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Nigerian sex offender who came to Canada via Roxham Road fights extradition to U.S.

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A Nigerian sex offender who crossed into Canada at Roxham Road is appealing his extradition to the U.S. on the grounds he should be considered a refugee.

Adesanya Prince is wanted in Harris County, Texas, where he pleaded guilty to a charge of “promotion of child pornography” on Feb. 23, 2018, but fled to Canada before he was sentenced.

READ MORE: Nigerian man wanted in Texas on child pornography charges still detained in Canada

Prince is currently in custody in Canada, 19 months after he arrived via Roxham Road, the controversial unofficial border crossing south of Montreal. Last March, Justice Minister David Lametti ordered that Prince be returned to the U.S.

Yet in documents filed with Quebec’s Court of Appeal, Prince is fighting the extradition.

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In the appeal, Prince’s lawyer, Marie-Hélène Giroux, raises three arguments.

She says the minister’s order should be quashed because it didn’t consider that if returned to the U.S., Prince might be deported to Nigeria. Giroux also argues the minister should have considered the conditions Prince would face in Texas prisons. And finally, she says the minister didn’t have the jurisdiction to determine Prince wasn’t a refugee under the United Nations 1951 Refugee Convention.

The federal government has yet to file a response to Prince’s request for the appeal. The Quebec Court of Appeals has not yet set a date, but may hear the case sometime this fall or winter.

Nigerian sex offender wanted in Texas slips into Canada

Nigerian sex offender wanted in Texas slips into Canada

Prince, 51, originally consented to extradition on Nov. 1, 2018. However, according to his lawyer, he later changed his mind. He remains in detention at a Canada Border Services Agency (CBSA) facility north of Montreal.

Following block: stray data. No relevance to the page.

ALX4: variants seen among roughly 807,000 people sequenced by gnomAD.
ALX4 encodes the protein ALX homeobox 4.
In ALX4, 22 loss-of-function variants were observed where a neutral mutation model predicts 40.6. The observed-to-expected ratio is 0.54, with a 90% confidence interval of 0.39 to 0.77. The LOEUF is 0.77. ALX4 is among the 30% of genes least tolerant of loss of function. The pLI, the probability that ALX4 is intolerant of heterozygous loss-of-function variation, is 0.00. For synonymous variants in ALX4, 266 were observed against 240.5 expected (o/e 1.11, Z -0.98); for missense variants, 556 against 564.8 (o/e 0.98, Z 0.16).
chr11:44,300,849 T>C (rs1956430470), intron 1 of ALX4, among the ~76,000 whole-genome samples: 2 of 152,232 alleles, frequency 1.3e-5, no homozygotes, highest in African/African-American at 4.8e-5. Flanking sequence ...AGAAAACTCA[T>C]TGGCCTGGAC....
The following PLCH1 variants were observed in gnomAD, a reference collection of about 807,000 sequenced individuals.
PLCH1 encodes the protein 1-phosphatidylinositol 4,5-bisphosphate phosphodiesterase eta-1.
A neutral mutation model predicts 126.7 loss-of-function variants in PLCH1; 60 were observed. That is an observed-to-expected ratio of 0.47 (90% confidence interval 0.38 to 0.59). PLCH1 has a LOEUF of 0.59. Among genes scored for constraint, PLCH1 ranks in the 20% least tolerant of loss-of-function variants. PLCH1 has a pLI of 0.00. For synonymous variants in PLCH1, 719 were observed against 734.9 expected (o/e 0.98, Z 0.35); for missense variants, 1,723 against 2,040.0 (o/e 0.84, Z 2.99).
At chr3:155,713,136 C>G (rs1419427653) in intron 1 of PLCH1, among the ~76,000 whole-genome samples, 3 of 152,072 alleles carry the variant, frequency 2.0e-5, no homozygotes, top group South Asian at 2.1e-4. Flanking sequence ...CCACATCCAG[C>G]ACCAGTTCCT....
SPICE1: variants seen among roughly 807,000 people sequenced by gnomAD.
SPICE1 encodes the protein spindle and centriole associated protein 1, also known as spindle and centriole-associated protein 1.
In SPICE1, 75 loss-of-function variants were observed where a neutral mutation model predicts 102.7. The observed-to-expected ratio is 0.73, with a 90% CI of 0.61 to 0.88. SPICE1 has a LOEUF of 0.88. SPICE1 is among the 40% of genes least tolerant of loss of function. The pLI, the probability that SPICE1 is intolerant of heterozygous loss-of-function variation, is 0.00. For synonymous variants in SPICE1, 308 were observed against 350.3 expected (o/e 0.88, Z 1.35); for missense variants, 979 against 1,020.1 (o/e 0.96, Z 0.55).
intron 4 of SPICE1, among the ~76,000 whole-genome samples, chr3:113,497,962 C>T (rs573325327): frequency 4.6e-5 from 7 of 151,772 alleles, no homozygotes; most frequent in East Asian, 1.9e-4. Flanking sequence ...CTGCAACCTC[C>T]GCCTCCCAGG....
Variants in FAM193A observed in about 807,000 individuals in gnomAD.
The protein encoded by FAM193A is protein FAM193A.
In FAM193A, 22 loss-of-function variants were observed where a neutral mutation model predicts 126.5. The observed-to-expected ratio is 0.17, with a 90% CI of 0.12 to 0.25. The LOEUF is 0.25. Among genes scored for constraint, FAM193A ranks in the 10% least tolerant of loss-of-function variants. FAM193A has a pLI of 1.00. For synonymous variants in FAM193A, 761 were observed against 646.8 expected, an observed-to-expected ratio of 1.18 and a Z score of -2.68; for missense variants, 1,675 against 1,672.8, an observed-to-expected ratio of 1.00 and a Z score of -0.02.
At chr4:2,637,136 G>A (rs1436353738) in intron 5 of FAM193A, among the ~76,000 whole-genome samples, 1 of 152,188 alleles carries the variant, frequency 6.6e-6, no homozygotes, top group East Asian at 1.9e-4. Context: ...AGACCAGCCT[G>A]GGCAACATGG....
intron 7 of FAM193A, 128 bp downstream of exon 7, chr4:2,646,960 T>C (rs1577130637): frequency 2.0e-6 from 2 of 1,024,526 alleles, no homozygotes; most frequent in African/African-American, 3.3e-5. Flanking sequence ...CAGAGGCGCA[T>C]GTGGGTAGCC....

Prince walked across the border into Canada on March 9, 2018. He had pleaded guilty to a child pornography charge in Texas just days earlier and was out on a US$10,000 bond awaiting sentencing. Rather than show up for his sentencing hearing on May 10, 2018, Prince fled to Canada.

He faces a minimum of two years in prison.

READ MORE: Registered sex offender slipped into Canada through illegal Quebec crossing

Immediately after crossing the border, Prince was detained by RCMP officers stationed at Roxham Road. He was then turned over to CBSA agents for screening. It was during a security background check that agents found Prince was wanted in Texas on child porn charges.

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According to court documents obtained by Global News, Prince is originally from Nigeria but had been living in Houston, Texas. The documents state that in January 2017, he was working as a security guard when he sent a co-worker three videos on a cellphone app. Two of the videos involved bestiality, while the third depicted the graphic sexual assault of a young girl aged two to four.

The co-worker told police that Prince also made unsolicited sexual advances towards her including, on two occasions, trying to grab her breasts.

The court documents include a letter from Harris County assistant district attorney Thomas Waddle. In it, Waddle states that Prince presents a danger to Canada and may have been attempting to flee to Nigeria.

“The timing of Prince’s flight demonstrates that he was attempting to avoid serving a sentence for the criminal acts to which we admitted guilt,” Waddle writes.

Statistics reveal spike in asylum seeker border crossings

Statistics reveal spike in asylum seeker border crossings

Prince agreed to be extradited to the U.S., signing a “consent to committal” and forfeiting the right to a committal hearing. The last step was for the federal justice minister to sign off on the extradition, which he did in March.

However, before the extradition took place, Prince changed his mind and filed an appeal of the minister’s decision.

Despite being a flight danger and a potential threat, at one point, Prince was released from custody and spent three days living on Montreal’s West Island.

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Quebec Superior Court Justice Daniel Royer ordered Prince released on Aug. 2, 2018. The U.S. had filed an extradition request for the imposition of a prosecution, but as Prince had already pleaded guilty, the extradition request should have been for the imposition of a sentence.

Royer ruled that there was insufficient evidence presented at the hearing to hold Prince for prosecution and ordered him released.

The U.S. filed a new provisional arrest request three days later, and Prince gave himself up to police.

In registering a guilty plea in Texas last year, Prince was officially entered into the U.S. sex offender registry, a designation he will hold until the end of his life.